India issues notice to Pakistan on implementation of Indus Water Treaty: Reports

Reports quoting sources said that the notice of modification was sent to Islamabad on January 25. India and Pakistan had signed the IWT in September 1960 after nine-year-long negotiations. The World Bank was a signatory of the pact. The IWT envisages a mechanism for cooperation and information exchange between the two countries regarding the use of waters of a number of rivers.

India on Friday issued a notice to Pakistan, blaming it of "intransigence" on the implementation of the Indus Water Treaty (IWT), according to reports.

Reports quoting sources said that the "notice of modification" was sent to Islamabad on January 25.

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India and Pakistan had signed the IWT in September 1960 after nine-year-long negotiations.

The World Bank was a signatory of the pact.

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The IWT envisages a mechanism for cooperation and information exchange between the two countries regarding the use of waters of a number of rivers.

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The reports quoted sources as saying that India has always been a steadfast supporter and a responsible partner in implementing the IWT in letter and spirit.

Pakistan's actions however have adversely impinged on the provisions of IWT and their implementation and forced India to issue an appropriate notice for modification of the pact, reports quoting sources said.

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In 2015, Pakistan had called for appointment of a neutral expert to its technical objections to Kishenganga and Ratle Hydro Electric Projects in India.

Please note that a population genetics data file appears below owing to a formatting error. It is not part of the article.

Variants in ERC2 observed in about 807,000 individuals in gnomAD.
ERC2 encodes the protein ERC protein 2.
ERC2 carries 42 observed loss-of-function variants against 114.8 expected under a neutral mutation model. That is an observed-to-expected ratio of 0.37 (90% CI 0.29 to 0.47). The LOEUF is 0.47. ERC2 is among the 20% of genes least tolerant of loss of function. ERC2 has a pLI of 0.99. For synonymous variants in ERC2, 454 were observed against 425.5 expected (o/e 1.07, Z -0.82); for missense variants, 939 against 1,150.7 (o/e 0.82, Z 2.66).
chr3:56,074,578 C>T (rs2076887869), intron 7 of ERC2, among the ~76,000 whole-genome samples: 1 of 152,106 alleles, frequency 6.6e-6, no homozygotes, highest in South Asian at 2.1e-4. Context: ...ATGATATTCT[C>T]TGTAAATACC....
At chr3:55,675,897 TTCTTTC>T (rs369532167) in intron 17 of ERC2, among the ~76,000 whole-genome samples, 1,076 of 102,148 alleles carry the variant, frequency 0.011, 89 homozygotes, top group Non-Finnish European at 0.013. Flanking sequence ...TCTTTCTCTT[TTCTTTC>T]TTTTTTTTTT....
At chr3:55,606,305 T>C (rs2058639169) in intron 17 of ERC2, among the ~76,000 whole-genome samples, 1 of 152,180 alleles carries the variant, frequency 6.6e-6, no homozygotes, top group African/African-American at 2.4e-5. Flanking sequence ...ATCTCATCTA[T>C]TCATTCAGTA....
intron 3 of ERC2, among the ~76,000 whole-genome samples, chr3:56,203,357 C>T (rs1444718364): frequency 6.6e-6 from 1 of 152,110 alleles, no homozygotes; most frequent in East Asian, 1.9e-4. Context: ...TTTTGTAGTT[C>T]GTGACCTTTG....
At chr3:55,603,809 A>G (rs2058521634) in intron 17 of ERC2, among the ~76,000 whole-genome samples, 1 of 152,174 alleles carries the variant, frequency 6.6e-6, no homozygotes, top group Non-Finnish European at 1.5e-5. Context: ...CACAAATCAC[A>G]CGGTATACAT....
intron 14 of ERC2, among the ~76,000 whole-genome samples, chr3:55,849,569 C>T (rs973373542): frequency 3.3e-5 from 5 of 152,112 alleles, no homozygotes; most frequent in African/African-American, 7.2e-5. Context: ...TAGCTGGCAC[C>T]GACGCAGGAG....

In 2016 however, it retracted the request and sought a court of arbitration to adjudicate its objections.

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This unilateral action by Pakistan was in contravention of the graded mechanism of dispute settlement envisaged by Article IX of the IWT, reports quoting sources said.

Consequently India made a separate request for the matter to be referred to a neutral expert.

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The initiation of two simultaneous processes on the same questions and the potential of their inconsistent or contradictory outcomes creates an unprecedented and legally untenable situation, which risks endangering the IWT itself, reports quoting sources said.

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"The World Bank acknowledged this itself in 2016, and took a decision to 'pause' the initiation of two parallel processes and request India and Pakistan to seek an amicable way out," the sources were quoted as per reports.

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